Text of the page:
The tension dissipated as more people walked up and did as the woman had done, placing a hand on the inscribed slab of rock and murmuring reverently. Some placed roses on the tombstone.
Our last stop was the Nasir ol Molk mosque in the south east. The taxi driver had a coughing fit as we approached the place, and nearly collided with a van in the process. He stuffed a tissue into his mouth and tried to stop the coughing with such determination that tears welled in his eyes. I wondered if I should offer him my handkerchief, but we arrived at the mosque just then. The driver extracted the tissue, and I saw it was stained bright red. I gave him a 20,000 Rial note, and when he handed 5,000 back, I was tempted to say, “Um, actually, keep the change”.
Iran asks tourists planning to visit from India to have themselves tested for HIV, TB, and Hepatitis A, B and C. Since they’re so concerned about health, maybe they should do something about consumptive taxi drivers.
We were the only people at the Nasir Ol Molk mosque, which made a great end to the day. Till the sun sank, we sat in the courtyard admiring the finely decorated tiles on the facades and the stained glass in the winter prayer chamber, Our guidebook also mentioned ‘exquisitely carved stone pillars’ in that chamber, but both Jabeen and I took one look at them and had the same dismissive thought: You want exquisitely carved stone pillars, come to India.


DS said...

Really enjoying these posts.keep them coming so we can continue to travel with Jabeen and you. And like all women who have never been to Iran the dress,manner,make-up and the freedoms of 2 vs 3inches of hair showing are always a curiousity!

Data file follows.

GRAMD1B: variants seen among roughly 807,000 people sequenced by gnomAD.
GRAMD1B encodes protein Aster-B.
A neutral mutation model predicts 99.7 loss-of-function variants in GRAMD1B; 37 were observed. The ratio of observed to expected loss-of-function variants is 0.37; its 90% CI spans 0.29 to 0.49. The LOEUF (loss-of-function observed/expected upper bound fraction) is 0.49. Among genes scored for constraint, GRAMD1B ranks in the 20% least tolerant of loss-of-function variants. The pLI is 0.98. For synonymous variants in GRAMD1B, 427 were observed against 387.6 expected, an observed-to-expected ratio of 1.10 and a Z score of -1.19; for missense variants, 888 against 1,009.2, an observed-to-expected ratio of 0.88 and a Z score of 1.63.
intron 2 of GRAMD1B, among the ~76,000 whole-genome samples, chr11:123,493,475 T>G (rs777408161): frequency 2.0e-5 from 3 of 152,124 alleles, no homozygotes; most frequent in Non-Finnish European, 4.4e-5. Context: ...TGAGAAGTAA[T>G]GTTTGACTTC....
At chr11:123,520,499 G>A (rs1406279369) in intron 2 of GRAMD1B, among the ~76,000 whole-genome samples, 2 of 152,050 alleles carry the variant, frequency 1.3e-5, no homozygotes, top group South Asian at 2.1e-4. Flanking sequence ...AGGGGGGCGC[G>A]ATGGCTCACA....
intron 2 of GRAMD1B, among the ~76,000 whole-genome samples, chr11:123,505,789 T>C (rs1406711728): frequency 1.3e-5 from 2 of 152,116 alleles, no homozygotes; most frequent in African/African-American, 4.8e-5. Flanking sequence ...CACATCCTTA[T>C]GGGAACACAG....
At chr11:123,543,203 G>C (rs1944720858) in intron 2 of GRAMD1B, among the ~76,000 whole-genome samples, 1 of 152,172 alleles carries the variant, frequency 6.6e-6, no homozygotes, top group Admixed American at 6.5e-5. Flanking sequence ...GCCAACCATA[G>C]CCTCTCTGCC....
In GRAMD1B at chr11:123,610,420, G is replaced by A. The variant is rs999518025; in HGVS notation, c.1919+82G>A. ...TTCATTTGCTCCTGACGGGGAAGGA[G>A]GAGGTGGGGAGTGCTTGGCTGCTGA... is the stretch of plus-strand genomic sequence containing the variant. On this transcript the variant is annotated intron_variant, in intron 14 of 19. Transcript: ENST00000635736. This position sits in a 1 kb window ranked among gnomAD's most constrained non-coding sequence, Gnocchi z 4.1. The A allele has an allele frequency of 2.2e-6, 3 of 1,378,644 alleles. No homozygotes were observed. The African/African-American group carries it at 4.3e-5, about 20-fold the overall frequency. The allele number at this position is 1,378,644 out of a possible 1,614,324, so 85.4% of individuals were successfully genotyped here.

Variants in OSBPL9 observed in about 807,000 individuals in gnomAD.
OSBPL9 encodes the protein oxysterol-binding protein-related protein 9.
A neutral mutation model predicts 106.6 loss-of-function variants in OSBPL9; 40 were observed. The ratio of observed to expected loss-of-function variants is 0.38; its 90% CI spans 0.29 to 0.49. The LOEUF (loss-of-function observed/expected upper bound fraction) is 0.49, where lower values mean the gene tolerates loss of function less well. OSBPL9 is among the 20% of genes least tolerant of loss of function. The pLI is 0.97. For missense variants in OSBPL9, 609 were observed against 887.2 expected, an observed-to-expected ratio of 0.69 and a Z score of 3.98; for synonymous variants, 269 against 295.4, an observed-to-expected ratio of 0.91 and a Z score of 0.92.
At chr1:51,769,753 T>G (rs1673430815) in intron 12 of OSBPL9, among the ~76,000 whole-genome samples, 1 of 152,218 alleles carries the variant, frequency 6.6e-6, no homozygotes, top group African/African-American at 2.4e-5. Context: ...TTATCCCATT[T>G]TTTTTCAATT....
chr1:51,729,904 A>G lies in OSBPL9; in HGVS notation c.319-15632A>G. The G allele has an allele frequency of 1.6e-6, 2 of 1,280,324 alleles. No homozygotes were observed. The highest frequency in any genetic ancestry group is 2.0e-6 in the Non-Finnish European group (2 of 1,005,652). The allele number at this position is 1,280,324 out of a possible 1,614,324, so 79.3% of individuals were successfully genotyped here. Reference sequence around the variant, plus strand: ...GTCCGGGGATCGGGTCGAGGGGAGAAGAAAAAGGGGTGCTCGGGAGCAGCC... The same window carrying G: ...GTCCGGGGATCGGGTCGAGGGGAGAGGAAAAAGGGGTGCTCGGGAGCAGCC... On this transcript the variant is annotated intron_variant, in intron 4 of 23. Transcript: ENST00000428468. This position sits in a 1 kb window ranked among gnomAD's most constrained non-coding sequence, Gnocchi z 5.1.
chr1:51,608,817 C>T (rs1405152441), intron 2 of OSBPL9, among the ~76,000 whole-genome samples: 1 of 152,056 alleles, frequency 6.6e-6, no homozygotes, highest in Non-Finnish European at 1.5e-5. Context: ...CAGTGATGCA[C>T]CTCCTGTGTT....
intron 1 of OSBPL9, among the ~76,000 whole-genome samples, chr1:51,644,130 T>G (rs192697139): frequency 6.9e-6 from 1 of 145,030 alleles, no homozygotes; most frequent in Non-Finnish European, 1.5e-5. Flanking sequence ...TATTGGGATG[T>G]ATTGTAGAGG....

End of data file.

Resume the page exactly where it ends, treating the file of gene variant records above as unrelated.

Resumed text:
torntash said...

Hi Girish,

Fascinating posts; you were born to be a travel writer! Would be great if you are able to post on the contemporary art scene in Iran.

shivani said...

Loving ur travel update, have fun.

Girish Shahane said...

Thanks for the wonderful feedback, people, I'll keep the posts coming. Tash, I don't know how much time I'll have to check out the contemporary art scene. Got a few tips from Thomas Erben, who has put together a show of Iranian artists, as I'm sure you know. The galleries are all in Tehran, where we have just two days...

DS said...

This picture is of the Vakil mosque? The honeycombed ceiling reminds me of the Alhambra. Also,I like the bit re the male becoming the preener in a society where women are kept under wraps!
Sorry for the typos, curiosity etc.

Girish Shahane said...

The pic is of the Nasir Ol Molk mosque. Jabeen also spoke of the Alhambra after seeing the honeycomb pattern. There's no comparison in terms of quality, though, the Alhambra is way ahead of anything in Shiraz.